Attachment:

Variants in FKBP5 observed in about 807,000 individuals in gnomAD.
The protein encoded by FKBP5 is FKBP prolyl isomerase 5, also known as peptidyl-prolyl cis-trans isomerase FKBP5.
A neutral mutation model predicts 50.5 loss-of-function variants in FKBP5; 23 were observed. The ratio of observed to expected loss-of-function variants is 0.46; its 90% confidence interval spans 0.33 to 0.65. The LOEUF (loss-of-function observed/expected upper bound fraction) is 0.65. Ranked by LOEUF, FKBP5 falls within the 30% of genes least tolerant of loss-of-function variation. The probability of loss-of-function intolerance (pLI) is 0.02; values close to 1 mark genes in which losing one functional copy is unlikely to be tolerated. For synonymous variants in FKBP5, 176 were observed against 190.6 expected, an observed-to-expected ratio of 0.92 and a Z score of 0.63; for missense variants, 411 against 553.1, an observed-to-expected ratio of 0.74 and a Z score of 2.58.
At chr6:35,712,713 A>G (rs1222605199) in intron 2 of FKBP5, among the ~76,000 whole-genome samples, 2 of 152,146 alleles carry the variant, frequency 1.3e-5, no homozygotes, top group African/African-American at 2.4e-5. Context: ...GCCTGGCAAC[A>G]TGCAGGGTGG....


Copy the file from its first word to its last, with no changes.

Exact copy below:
Variants in FKBP5 observed in about 807,000 individuals in gnomAD.
The protein encoded by FKBP5 is FKBP prolyl isomerase 5, also known as peptidyl-prolyl cis-trans isomerase FKBP5.
A neutral mutation model predicts 50.5 loss-of-function variants in FKBP5; 23 were observed. The ratio of observed to expected loss-of-function variants is 0.46; its 90% confidence interval spans 0.33 to 0.65. The LOEUF (loss-of-function observed/expected upper bound fraction) is 0.65. Ranked by LOEUF, FKBP5 falls within the 30% of genes least tolerant of loss-of-function variation. The probability of loss-of-function intolerance (pLI) is 0.02; values close to 1 mark genes in which losing one functional copy is unlikely to be tolerated. For synonymous variants in FKBP5, 176 were observed against 190.6 expected, an observed-to-expected ratio of 0.92 and a Z score of 0.63; for missense variants, 411 against 553.1, an observed-to-expected ratio of 0.74 and a Z score of 2.58.
At chr6:35,712,713 A>G (rs1222605199) in intron 2 of FKBP5, among the ~76,000 whole-genome samples, 2 of 152,146 alleles carry the variant, frequency 1.3e-5, no homozygotes, top group African/African-American at 2.4e-5. Context: ...GCCTGGCAAC[A>G]TGCAGGGTGG....